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Teva offloads women's health unit in quickfire deals

The Israeli pharma group is also set to sell its oncology and pain business


Teva has announced two deals in quick succession to sell off the entirety of its women's health business assets, raising almost $2.5bn that will go towards paying off its debts.

Ahead of the weekend the Israeli pharma group said it had agreed a deal to sell its Paragard intrauterine contraceptive to CooperSurgical for $1,1bn. Now, it has reached an agreement to sell the rest of the business to private equity firm CVC Capital Partners and Foundation Consumer Healthcare, an over-the-counter (OTC) drug specialist, for $1.38bn.

CVC is paying $703m in cash for the bulk of the unit's products, which include fertility treatment Ovaleap (follitropin alfa), contraceptives Zoely (oestradiol/nomegestrol) and Seasonique (levonorgestrel/ethinylestradiol), menopause therapy Colpotrophine (promestriene) and Actonel (risedronate) for osteoporosis. The brands brought in $258m in sales last year.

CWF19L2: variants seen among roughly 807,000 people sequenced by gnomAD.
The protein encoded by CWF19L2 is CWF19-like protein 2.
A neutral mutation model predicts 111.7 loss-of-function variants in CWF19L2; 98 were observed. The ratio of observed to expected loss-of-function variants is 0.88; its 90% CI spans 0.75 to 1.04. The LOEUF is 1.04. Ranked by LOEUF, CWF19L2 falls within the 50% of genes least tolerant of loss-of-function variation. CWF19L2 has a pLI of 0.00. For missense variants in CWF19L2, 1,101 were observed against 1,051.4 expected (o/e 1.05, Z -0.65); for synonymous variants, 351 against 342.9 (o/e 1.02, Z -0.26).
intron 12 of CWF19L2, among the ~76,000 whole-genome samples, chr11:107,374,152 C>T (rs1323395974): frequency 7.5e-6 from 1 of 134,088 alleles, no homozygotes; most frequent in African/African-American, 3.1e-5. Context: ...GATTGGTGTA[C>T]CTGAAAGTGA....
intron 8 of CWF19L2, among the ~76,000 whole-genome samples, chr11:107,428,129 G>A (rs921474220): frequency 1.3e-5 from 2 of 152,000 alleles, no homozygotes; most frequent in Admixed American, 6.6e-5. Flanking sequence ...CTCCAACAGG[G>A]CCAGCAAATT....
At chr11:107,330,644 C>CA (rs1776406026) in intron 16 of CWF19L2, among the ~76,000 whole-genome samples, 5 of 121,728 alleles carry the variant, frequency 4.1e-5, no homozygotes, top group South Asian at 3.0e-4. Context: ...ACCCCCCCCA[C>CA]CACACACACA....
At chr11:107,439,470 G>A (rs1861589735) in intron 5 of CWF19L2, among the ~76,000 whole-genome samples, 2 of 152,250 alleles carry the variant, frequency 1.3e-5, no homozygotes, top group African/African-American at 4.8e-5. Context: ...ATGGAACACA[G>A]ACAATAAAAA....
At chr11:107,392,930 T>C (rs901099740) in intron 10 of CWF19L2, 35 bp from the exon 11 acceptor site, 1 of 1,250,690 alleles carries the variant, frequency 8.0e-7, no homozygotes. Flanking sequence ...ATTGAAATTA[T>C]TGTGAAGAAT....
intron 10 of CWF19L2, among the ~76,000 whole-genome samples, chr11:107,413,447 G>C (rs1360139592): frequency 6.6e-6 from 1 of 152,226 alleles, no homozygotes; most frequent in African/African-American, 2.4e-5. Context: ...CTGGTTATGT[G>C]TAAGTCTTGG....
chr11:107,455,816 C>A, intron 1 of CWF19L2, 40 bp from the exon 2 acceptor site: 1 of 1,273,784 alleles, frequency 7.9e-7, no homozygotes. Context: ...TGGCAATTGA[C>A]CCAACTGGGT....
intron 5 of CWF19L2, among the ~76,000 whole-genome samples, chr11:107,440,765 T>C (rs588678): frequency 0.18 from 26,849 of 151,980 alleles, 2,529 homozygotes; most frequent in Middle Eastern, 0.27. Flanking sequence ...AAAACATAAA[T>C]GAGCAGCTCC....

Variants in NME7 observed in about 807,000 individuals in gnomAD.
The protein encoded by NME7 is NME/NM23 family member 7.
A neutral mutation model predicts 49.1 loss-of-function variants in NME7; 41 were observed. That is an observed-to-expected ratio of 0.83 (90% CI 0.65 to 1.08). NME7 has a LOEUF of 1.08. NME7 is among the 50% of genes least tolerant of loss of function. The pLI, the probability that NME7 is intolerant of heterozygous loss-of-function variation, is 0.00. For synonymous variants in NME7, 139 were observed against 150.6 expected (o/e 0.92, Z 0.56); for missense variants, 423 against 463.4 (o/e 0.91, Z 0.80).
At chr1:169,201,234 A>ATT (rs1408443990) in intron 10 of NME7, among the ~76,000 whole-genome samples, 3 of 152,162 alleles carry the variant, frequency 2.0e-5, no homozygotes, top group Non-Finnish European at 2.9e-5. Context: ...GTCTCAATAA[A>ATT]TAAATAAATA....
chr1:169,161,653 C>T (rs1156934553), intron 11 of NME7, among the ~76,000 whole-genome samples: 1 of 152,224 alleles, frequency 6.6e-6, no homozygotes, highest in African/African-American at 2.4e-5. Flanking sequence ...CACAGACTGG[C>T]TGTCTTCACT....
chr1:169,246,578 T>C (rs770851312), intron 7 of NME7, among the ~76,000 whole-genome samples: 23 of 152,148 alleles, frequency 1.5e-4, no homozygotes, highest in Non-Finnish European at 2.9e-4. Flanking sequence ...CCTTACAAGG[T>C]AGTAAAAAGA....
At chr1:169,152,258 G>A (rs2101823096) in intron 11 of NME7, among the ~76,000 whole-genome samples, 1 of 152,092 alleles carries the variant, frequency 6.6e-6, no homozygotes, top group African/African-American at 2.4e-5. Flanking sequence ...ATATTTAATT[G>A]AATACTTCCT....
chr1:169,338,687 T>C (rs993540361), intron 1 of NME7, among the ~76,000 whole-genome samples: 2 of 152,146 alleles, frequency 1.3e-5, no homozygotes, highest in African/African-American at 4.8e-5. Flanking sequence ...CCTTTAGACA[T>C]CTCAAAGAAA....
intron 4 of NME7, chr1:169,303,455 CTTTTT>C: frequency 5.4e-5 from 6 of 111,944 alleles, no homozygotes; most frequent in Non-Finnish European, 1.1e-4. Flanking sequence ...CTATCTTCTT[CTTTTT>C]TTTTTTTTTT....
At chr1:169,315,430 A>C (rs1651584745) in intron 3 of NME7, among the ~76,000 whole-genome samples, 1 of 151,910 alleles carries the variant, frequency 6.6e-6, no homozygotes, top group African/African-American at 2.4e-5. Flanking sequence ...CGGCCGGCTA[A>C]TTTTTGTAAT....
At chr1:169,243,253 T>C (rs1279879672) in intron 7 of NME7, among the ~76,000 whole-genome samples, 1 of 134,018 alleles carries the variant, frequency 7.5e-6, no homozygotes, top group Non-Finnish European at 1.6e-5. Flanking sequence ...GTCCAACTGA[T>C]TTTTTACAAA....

The private equity group said that it planned to roll the brands into "a leading global women's healthcare platform through further investments and acquisitions", addressing a market estimated at around $30bn globally.

The second transaction with Foundation concerns Teva's emergency contraceptives, including Plan B One-Step (levonorgestrel), with the OTC specialist paying $675m in case for a product that made $140m in sales in 2016.

Teva's chief executive Yitzhak Peterburg - who will be replaced in the coming months by Lundbeck's Kåre Schultz - said that the two deals means that the company has already exceeded its target of raising $2bn from non-core asset sales this year.

He added that the deals "progress our ability to repay term loan debt while also providing a clear path forward for these important products to continue to be available to women throughout the world". The company ended 2016 with a market value below its debt level of $35bn, and has said it intends to pay down $5bn of its borrowing before the end of the year.

Teva is also planning to offload its oncology and pain business in Europe as part of a major restructuring drive forced by declining sales of its generic drug products - which came after it paid $40bn for Allergan's generic drug operations - and the lingering effects of losing patent protection for multiple sclerosis blockbuster Copaxone (glatiramer acetate).

The company has already announced several thousand job cuts and the closure or sale of six manufacturing plants this year, with another nine under threat in 2018.

Article by
Phil Taylor

19th September 2017

From: Sales



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